DiS: I’m struggling a bit with the phrasing myself, actually. The question is whether creating a dialogue is more important than being a role model? Outta sight, outta mind...
Erika M. Anderson: Right. If you’re not willing to converse with these people and just dismiss them as 'outta sight, outta mind', and you’re not willing to talk about the economics of these places, and you’re not willing to talk about race, gender, or religious relations, you’re going to create this vacuum. And in time people will exploit that vacuum, and that’s really what I’m seeing. I just want to come in and try and be a voice in there, so that people don’t feel as if the only voices they’re hearing are the ones on racist Subreddits. That’s why it’s important to not turn your back.
What did you set out to do once the touring for The Future’s Void was over? Last time we spoke, you told me The Future’s Void was the Dark Second Chapter, and the next record was going to be The Redemption.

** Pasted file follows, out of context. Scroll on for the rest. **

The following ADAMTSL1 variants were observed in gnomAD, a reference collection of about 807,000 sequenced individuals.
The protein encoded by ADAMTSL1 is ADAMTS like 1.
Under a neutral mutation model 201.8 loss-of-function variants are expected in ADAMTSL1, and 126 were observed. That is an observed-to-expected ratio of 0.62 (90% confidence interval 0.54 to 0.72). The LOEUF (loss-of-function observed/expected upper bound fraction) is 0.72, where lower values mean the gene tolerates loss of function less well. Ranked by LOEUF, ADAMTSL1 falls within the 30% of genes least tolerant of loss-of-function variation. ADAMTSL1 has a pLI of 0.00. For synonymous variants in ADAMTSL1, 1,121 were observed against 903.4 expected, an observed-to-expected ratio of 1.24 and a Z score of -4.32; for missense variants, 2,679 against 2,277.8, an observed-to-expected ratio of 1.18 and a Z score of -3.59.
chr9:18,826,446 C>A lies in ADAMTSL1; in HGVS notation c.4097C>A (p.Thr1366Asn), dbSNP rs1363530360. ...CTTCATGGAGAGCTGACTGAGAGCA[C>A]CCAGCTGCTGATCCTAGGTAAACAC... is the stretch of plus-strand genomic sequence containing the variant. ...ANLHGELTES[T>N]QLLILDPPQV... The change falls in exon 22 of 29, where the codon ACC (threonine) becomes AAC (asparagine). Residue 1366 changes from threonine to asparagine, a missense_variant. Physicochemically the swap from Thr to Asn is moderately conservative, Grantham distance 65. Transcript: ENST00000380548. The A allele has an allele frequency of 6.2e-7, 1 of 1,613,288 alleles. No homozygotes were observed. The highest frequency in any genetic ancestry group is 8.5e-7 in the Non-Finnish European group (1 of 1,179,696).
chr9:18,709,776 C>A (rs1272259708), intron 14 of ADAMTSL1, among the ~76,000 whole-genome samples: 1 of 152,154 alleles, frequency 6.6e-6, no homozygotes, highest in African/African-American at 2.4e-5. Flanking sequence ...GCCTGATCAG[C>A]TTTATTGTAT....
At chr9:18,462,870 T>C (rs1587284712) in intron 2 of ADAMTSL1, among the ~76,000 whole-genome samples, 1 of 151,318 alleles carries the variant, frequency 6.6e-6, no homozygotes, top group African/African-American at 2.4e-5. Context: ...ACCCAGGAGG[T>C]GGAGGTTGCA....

I was so wrecked at the end of the Past Life touring cycle, I was just in this weird exile. I feel I make better art when I’m a little bit off the radar for a minute and having the possibility open to try various sorts of mediums and shows. My touring for The Future’s Void wasn’t as crazy as it was during Past Life Martyred Saints. But then I also got to do these different type of shows that really helped my artistic process, if that makes any sense. These hybrid installation performances… I did one at the Barbican and another one at PS1 MoMa. These shows were insanely helpful for my writing because I didn’t have to go ‘be a band’ and play a bunch of new songs. I was happy doing only weird shows. Which is also the environment I came from before I released Past Life Martyred Saints. Shows that had an element of improvisation, I don’t know, ‘art stuff’ – oh my God, that’s not going to look good in print – let’s just say, a more free-form show than a regular rock set.
What kind of shows or installations are we talking about?